These flies are of medium to large size, with long often partly clouded wings. They are solitary or gregarious internal parasitoids of adult scarab beetles. Davis (1919) studied Pyrgota undata Wied., a nocturnal species attacking nocturnal hosts, Phyllophaga spp. To oviposit, the female alights on the dorsum of a feeding beetle, causing the latter to fly. At this time she inserts the ovipositor through the thin exposed integument of the abdominal dorsum. Female beetles are more often attacked than males, and the host dies 10-14 days after parasitoid oviposition. The puparium is formed within the dead host. There is a single generation per year, and winter is passed as pupae.
In India, Adapsilia flaviseta Ald. commonly parasitizes beetles of the genus Popillia (Clausen et al. 1933). Adults are dirunal as are the ost. Oviposition behavior is similar to Pyrgota undata, but male beetles are preferred (ca. 88%) early in the season. Later only 60% of males are parasitized as their abundance diminishes. Eggs hatch 3 days after oviposition, and the larval period is 12-15 days. The beetle is killed by the parasitoid larva soon after its second molt, which is 12-14 days after oviposition. There is a single generation per year, and hibernation occurs in the puparium within the bodies of dead host beetles in soil.
Clausen (1940) referred to unpublished reports of R. W. Burrell containing information of the habits of Maenomenus ensifer Bezzi, as a parasitoid of adult beetles of Anoplognathus olivieri Dalm. in Australia. The oviposition bvehavior differs from the above examples in that attack occurs while the host rests on foliage, the ovipositor being broght forward between the legs and inserted through the intersegmental membranes, or through the anal opening. There are generally 10-20 parasitoids able to mature in each host, but a maximum of 33 was obtained. Pupation occurs externally between the elytra and abdomen of the dead host in soil.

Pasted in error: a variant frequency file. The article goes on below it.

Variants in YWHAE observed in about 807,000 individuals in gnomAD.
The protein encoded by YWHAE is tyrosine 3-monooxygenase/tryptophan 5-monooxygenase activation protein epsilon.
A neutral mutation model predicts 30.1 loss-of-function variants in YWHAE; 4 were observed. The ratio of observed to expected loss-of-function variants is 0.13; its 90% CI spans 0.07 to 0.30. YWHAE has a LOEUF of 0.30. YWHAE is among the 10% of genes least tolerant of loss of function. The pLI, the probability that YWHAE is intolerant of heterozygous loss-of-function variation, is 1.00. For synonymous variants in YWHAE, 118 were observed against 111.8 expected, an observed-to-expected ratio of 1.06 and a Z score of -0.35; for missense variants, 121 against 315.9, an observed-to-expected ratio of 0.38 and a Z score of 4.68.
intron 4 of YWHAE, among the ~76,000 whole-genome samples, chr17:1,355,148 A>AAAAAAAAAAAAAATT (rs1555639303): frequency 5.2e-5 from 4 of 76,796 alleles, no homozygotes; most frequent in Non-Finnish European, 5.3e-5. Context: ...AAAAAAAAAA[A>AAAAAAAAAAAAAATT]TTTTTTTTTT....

It was concluded by Clausen (1940) that on the basis of information available on behavior of Adapsilia and Pyrgota, that these and other species of similar habit can be of very little value in the natural control of scarab pests. The long larval period makes it probable that a portion of the oviposition potential of female scarabs is realized before death. The pronounced preferences of Adapsilia for male hosts reduces its value, because the portion of its effective reproductive capacity expended on the male sex is wasted. Death of male beetles contributes nothing to population reduction of the following generation, even though it perpetuates the parasitoid (Clausen 1940/62).
For detailed descriptions of immature stages of Pyrgotidae, please see (Clausen 1940/62).